The House included such a prohibition in its Indian housing assistance bill passed in September. But the Senate version does not include similar language.
“We are writing to advise you that members of the CBC will not support, and will actively oppose, passage of a [Native American housing assistance] bill that does not include this limitation,” the CBC stated in a letter sent to Reid on March 13.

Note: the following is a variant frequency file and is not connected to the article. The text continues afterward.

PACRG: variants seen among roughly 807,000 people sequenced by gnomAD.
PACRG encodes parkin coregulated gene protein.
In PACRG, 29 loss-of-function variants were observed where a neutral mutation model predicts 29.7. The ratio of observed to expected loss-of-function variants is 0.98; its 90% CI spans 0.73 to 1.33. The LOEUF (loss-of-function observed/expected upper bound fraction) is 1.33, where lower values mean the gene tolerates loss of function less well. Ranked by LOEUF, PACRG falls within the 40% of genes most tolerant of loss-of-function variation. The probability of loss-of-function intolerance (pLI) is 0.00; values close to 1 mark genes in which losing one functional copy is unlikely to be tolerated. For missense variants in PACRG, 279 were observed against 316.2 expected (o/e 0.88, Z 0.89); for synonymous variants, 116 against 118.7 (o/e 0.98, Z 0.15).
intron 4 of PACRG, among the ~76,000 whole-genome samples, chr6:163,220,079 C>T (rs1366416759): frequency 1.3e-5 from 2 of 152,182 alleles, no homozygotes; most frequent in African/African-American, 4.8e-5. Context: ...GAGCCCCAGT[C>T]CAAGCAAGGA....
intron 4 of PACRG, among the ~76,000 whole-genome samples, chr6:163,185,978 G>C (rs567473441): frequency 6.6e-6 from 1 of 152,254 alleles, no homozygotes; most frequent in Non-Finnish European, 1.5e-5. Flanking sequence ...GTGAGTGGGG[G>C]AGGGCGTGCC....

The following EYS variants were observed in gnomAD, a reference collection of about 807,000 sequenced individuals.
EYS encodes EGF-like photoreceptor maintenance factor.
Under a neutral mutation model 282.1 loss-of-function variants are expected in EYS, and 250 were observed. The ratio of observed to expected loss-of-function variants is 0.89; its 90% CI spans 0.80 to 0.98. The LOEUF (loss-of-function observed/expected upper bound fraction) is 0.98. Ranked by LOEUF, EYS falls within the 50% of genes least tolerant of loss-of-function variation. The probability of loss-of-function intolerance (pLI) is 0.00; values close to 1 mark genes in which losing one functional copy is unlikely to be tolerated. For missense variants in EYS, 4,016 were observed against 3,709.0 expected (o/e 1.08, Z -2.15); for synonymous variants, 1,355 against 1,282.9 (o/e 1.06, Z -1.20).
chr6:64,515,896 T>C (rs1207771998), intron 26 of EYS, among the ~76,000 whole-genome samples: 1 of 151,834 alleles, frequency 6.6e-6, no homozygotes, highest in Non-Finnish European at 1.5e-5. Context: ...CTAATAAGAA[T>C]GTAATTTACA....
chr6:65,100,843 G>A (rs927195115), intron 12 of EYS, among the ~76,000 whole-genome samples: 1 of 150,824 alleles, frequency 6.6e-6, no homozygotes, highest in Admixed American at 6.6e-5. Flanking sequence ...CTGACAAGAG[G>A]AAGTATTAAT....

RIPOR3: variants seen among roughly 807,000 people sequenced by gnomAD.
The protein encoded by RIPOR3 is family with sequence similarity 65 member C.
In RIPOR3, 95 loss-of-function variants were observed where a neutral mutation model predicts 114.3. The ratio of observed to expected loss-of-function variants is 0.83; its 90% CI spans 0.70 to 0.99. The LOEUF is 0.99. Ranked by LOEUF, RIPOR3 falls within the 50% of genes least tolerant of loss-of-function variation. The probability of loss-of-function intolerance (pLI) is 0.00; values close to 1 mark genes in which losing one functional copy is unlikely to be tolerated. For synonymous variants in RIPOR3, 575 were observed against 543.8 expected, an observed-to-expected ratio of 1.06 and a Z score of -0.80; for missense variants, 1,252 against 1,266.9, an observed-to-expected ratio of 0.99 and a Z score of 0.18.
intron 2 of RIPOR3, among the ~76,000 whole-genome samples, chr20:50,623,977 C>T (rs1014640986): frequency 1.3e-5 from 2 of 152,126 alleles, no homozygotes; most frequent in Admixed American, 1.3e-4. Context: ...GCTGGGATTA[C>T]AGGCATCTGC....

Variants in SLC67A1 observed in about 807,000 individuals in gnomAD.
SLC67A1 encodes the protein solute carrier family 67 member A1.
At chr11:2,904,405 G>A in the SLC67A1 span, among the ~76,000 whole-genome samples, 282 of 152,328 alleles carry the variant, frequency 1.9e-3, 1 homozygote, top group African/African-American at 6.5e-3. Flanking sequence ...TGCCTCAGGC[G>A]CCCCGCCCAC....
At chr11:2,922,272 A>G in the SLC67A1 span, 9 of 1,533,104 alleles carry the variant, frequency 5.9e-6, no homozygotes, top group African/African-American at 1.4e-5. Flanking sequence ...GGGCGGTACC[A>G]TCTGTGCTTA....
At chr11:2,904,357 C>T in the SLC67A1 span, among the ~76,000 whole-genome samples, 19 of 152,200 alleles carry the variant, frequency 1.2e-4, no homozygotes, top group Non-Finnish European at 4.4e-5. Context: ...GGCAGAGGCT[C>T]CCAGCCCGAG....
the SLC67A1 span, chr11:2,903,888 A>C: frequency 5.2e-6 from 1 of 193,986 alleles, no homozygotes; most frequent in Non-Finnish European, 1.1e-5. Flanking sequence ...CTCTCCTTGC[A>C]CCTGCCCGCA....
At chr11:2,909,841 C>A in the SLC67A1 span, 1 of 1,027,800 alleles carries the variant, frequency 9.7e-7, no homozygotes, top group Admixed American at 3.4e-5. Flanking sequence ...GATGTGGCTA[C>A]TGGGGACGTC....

The dispute between the CBC and the Cherokee Nation arose last year after the tribe amended its constitution to exclude the Freedmen—a group of freed slaves who have been members since the Civil-War era—from tribal membership. Black lawmakers have charged the tribe is ignoring the Treaty of 1886, an agreement the Cherokees signed with the U.S. government that gave tribal citizenship to the Freedmen.
“We must send the unequivocal message to the Cherokee Nation of Oklahoma that failure to provide full citizenship rights to the Cherokee Freedmen will have severe consequences,” CBC members wrote Reid.